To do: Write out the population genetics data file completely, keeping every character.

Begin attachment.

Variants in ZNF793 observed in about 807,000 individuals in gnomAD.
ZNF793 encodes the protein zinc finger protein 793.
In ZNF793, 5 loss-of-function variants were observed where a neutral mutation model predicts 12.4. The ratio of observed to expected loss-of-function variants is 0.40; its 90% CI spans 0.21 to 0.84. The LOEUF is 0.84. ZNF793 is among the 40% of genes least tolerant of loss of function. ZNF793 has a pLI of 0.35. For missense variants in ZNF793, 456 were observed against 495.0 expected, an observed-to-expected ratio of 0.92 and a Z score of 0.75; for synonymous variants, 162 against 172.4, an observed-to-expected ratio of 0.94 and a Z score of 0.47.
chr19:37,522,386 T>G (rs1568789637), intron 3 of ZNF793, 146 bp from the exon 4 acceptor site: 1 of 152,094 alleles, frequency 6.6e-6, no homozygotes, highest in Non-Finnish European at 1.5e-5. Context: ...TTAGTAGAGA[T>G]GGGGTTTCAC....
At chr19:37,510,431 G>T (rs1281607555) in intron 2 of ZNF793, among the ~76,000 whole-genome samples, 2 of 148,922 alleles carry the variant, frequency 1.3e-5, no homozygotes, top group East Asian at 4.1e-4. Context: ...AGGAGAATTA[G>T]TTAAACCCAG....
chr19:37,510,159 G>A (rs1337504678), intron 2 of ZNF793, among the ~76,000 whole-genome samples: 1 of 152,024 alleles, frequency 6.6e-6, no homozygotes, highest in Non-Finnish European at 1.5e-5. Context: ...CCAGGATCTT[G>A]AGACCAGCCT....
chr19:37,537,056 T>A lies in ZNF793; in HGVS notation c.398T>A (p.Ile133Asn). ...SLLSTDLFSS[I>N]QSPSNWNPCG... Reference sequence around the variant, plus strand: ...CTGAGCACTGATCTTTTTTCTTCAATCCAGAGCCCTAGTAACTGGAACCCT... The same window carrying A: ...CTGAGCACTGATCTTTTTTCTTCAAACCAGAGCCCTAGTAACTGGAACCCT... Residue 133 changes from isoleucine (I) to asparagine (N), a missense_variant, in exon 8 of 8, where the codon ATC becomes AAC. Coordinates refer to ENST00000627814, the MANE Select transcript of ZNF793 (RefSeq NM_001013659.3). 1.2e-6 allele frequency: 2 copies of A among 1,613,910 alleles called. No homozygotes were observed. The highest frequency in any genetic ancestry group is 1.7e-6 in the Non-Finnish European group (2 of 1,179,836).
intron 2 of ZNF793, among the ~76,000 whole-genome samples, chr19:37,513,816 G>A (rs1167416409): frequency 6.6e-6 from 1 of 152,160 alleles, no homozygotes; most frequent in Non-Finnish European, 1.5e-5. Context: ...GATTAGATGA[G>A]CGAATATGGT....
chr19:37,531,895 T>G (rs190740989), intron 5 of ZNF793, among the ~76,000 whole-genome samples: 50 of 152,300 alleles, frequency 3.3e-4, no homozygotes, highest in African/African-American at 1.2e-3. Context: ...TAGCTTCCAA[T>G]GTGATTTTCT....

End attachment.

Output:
Variants in ZNF793 observed in about 807,000 individuals in gnomAD.
ZNF793 encodes the protein zinc finger protein 793.
In ZNF793, 5 loss-of-function variants were observed where a neutral mutation model predicts 12.4. The ratio of observed to expected loss-of-function variants is 0.40; its 90% CI spans 0.21 to 0.84. The LOEUF is 0.84. ZNF793 is among the 40% of genes least tolerant of loss of function. ZNF793 has a pLI of 0.35. For missense variants in ZNF793, 456 were observed against 495.0 expected, an observed-to-expected ratio of 0.92 and a Z score of 0.75; for synonymous variants, 162 against 172.4, an observed-to-expected ratio of 0.94 and a Z score of 0.47.
chr19:37,522,386 T>G (rs1568789637), intron 3 of ZNF793, 146 bp from the exon 4 acceptor site: 1 of 152,094 alleles, frequency 6.6e-6, no homozygotes, highest in Non-Finnish European at 1.5e-5. Context: ...TTAGTAGAGA[T>G]GGGGTTTCAC....
At chr19:37,510,431 G>T (rs1281607555) in intron 2 of ZNF793, among the ~76,000 whole-genome samples, 2 of 148,922 alleles carry the variant, frequency 1.3e-5, no homozygotes, top group East Asian at 4.1e-4. Context: ...AGGAGAATTA[G>T]TTAAACCCAG....
chr19:37,510,159 G>A (rs1337504678), intron 2 of ZNF793, among the ~76,000 whole-genome samples: 1 of 152,024 alleles, frequency 6.6e-6, no homozygotes, highest in Non-Finnish European at 1.5e-5. Context: ...CCAGGATCTT[G>A]AGACCAGCCT....
chr19:37,537,056 T>A lies in ZNF793; in HGVS notation c.398T>A (p.Ile133Asn). ...SLLSTDLFSS[I>N]QSPSNWNPCG... Reference sequence around the variant, plus strand: ...CTGAGCACTGATCTTTTTTCTTCAATCCAGAGCCCTAGTAACTGGAACCCT... The same window carrying A: ...CTGAGCACTGATCTTTTTTCTTCAAACCAGAGCCCTAGTAACTGGAACCCT... Residue 133 changes from isoleucine (I) to asparagine (N), a missense_variant, in exon 8 of 8, where the codon ATC becomes AAC. Coordinates refer to ENST00000627814, the MANE Select transcript of ZNF793 (RefSeq NM_001013659.3). 1.2e-6 allele frequency: 2 copies of A among 1,613,910 alleles called. No homozygotes were observed. The highest frequency in any genetic ancestry group is 1.7e-6 in the Non-Finnish European group (2 of 1,179,836).
intron 2 of ZNF793, among the ~76,000 whole-genome samples, chr19:37,513,816 G>A (rs1167416409): frequency 6.6e-6 from 1 of 152,160 alleles, no homozygotes; most frequent in Non-Finnish European, 1.5e-5. Context: ...GATTAGATGA[G>A]CGAATATGGT....
chr19:37,531,895 T>G (rs190740989), intron 5 of ZNF793, among the ~76,000 whole-genome samples: 50 of 152,300 alleles, frequency 3.3e-4, no homozygotes, highest in African/African-American at 1.2e-3. Context: ...TAGCTTCCAA[T>G]GTGATTTTCT....